Why the Washington Football Team’s name should stay

LANDOVER, MARYLAND - DECEMBER 27: Chase Young #99 of the Washington Football Team looks on between plays against the Carolina Panthers during the game at FedExField on December 27, 2020 in Landover, Maryland. (Photo by Will Newton/Getty Images)
LANDOVER, MARYLAND - DECEMBER 27: Chase Young #99 of the Washington Football Team looks on between plays against the Carolina Panthers during the game at FedExField on December 27, 2020 in Landover, Maryland. (Photo by Will Newton/Getty Images) /

It’s time to talk about the Washington Football Team name again.

As we enter the drab days of May with all the fun stuff of the offseason in the rearview mirror and visions of training camp still distant, it seems like an appropriate time to talk about the name again.

I know, many of you are tired of talking about it and simply want the team to pick something, anything, just so the concentration can be on football. I get it, I really do.

However, the name is important and even more predominant with a historical organization like we have in Washington. It certainly means a lot to me.

More from Riggo's Rag

You see, coaches, players, owners and even some fans, they come and go. But the name, that is supposed to be the constant.

I’ve heard the argument that winning is all that matters. In the moment, sure, most fans ride the emotion of the now. But as we’ve seen first hand, just like the players and coaches, winning will not last, it also comes and goes. That is why picking a name is important.

Let me share a story from the 2021 NFL Draft.

As I walked through the NFL Draft Experience, there were thousands of fans from various teams taking in the various exhibits and activities the league set up.

One exhibit caught my eye in particular.  It was a player mannequin and of course, I was drawn to the Washington player.  At first glance, it was the No. 21 on the jersey that excited me for obvious reasons.

But as I passed by the exhibit numerous times throughout the day there was something even more awe-inspiring then the jersey number, it was the collection of kids that kept lining up to take a picture with the Washington Football Team Mannequin.

There were kids with Washington jerseys and even more surprisingly, there were kids wearing other teams’ jerseys, all eager to put their head on the Washington player for a picture.

As I walked around more, I noticed something else, there appeared to be more kids representing the Burgundy and Gold than there were old guys like me who still remembered the glory days of Washington past.  And even more astonishing was a majority of these kids were with parents who were wearing other team’s jerseys.

These kids had made the choice to become Washington Football Team fans on there own!  How could this be?  Pundits say the younger generation needs a cool mascot, there’s no way they will root for a team with a bland name like The Washington Football Team.

Yet, I saw them, one after another and I talked to a few of them. They loved our colors. They loved Chase Young and Terry McLaurin.

This is where the experts are confused in my opinion.  The younger generation are drawn to star power.  Washington has been without a Superstar player since RG3 and we all know how short lived that was.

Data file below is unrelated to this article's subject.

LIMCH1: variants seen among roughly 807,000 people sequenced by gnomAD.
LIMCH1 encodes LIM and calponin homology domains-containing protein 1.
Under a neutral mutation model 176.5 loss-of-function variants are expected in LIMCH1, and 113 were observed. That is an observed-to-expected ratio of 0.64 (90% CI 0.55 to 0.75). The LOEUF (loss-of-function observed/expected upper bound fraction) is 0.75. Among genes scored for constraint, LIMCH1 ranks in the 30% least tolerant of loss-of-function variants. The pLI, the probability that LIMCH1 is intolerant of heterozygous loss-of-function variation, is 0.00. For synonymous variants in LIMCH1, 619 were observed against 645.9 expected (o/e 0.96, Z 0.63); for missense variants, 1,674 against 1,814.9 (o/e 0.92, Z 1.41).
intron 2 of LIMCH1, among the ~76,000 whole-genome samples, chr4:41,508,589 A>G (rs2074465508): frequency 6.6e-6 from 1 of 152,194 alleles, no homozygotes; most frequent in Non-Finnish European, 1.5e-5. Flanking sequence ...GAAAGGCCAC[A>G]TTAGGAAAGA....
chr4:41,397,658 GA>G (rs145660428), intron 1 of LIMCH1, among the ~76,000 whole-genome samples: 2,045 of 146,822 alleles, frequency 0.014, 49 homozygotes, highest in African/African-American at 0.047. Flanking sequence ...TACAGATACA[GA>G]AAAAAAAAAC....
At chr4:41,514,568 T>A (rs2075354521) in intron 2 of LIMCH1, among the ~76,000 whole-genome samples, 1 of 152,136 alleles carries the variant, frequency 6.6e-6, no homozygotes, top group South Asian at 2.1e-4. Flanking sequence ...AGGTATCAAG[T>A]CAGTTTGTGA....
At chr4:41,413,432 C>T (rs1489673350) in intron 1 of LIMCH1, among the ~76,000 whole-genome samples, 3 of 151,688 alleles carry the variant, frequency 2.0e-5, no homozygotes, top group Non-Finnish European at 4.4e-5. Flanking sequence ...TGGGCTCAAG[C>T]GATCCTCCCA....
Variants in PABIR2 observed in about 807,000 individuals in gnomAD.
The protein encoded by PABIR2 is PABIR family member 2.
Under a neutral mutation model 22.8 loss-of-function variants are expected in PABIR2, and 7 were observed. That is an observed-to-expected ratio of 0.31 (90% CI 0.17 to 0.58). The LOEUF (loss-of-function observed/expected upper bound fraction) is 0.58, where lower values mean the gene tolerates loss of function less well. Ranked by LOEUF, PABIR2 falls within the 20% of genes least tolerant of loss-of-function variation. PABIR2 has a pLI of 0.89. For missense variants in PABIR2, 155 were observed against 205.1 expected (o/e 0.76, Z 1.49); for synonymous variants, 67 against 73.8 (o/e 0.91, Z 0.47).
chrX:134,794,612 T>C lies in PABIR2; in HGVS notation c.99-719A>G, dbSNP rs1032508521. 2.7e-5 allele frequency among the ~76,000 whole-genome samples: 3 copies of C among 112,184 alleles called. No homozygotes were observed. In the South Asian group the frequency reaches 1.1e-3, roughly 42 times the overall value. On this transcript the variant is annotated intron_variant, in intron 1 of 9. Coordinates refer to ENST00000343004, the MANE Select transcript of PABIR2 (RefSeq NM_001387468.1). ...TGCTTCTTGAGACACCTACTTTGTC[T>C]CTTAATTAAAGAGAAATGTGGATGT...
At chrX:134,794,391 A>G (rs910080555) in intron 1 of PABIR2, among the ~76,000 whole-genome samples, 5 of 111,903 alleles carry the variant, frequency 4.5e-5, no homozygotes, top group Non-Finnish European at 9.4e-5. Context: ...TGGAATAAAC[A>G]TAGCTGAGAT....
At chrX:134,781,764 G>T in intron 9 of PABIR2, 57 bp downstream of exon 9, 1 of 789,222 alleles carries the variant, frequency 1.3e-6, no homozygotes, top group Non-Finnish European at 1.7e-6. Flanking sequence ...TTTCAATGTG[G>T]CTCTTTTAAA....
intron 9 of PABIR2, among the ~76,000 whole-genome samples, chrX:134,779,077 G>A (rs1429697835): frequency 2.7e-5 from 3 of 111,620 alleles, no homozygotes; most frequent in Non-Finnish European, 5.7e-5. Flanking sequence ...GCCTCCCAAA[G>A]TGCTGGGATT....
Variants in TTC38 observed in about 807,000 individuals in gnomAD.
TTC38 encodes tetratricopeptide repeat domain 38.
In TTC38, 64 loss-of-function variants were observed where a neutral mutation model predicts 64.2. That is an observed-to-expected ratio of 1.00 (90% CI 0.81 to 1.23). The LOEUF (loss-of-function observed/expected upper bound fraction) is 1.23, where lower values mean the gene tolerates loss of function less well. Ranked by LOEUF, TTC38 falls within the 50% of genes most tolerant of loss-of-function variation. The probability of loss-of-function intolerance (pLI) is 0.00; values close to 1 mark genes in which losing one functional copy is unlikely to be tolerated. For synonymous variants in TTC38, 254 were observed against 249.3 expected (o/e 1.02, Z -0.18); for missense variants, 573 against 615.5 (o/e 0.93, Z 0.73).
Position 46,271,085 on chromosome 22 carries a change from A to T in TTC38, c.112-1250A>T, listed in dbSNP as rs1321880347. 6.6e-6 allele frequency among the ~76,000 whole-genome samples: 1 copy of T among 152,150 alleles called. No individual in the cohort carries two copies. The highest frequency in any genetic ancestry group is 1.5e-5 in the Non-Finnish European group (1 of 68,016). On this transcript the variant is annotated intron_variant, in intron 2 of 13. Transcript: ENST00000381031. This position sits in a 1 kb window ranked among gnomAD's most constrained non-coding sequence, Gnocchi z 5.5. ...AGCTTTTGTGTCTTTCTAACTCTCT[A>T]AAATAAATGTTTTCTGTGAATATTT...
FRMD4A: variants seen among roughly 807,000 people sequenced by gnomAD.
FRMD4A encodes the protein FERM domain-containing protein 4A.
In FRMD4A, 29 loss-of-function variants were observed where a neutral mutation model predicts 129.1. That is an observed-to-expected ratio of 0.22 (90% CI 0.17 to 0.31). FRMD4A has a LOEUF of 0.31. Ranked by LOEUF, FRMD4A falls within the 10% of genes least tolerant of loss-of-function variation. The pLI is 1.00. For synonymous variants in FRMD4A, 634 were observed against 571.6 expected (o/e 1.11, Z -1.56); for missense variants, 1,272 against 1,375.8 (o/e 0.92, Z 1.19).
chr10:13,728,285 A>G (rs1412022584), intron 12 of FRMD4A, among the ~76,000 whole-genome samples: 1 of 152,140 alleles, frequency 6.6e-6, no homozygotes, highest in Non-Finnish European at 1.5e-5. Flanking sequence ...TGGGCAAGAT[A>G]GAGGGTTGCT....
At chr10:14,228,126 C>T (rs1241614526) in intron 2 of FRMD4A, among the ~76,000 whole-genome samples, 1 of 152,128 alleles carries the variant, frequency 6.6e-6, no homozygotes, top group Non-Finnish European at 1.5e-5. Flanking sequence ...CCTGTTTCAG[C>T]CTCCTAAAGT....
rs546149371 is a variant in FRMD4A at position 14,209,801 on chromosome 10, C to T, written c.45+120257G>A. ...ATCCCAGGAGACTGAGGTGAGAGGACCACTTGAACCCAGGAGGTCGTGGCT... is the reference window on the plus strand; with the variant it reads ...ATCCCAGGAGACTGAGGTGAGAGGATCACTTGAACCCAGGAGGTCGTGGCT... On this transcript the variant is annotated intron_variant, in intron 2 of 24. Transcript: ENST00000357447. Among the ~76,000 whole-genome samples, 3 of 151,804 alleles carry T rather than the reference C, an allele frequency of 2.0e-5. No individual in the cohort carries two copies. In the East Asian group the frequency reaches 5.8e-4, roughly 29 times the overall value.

Prior to RG3, there were some good players, but no one as marketable as RG3.  The RG3 mania was an explosion of hysteria that we’ve not seen in decades because this fan base was starving for it.

The point is this.  Kids relate to star players and not logos.  Some of the most marketable teams in the world are very bland.  Look no further then the NFL.

Do you think the kids in Wisconsin are drawn to the team in Green Bay because they get to rep the color green with a generic “G” on the helmet and are proud to be associated with a name that stemmed from the Indian Packing Company? Hail no they aren’t.  They’re drawn to Aaron Rodgers and Brett Favre.

Now, as these youngsters grow and mature, they start to appreciate the history and fandom passed down to them from their parents & grandparents.  They begin to develop pride in the history of the team and the traditions that go along with it.

Soon enough that generic “G” on the helmet and those god-awful uniforms become a symbol of honor, no matter how dreadful they may seem.  There are countless other examples of this in every sport around the world, some of which are the top merchandise cash cows in sports.

In my opinion, if THE Washington Football Team remains, so does the history.  While the name is bland, it does allow the team and history to remain.  Creating a new logo and name is basically creating a new brand.

Yes, the Lombardi trophies remain in Ashburn and the memories of players who dawned the Burgundy and Gold will always be in our heart.  But a new name creates a new identity.

I don’t want a new identity. I want to be remembered as the team that had a name so great that it couldn’t be replaced.

Kids don’t need a flashy new logo and name to support the team.  If you don’t think the Washington Football Team can be said with pride and be respected, then you also didn’t watch my guy and the Washington Football Team fan of the Year Joshua Strachan announce our 4th round pick on the stage in Cleveland.

Next. Analyzing WFT's linebacker group for 2021. dark

I had goosebumps for days. A new name will never do that for me.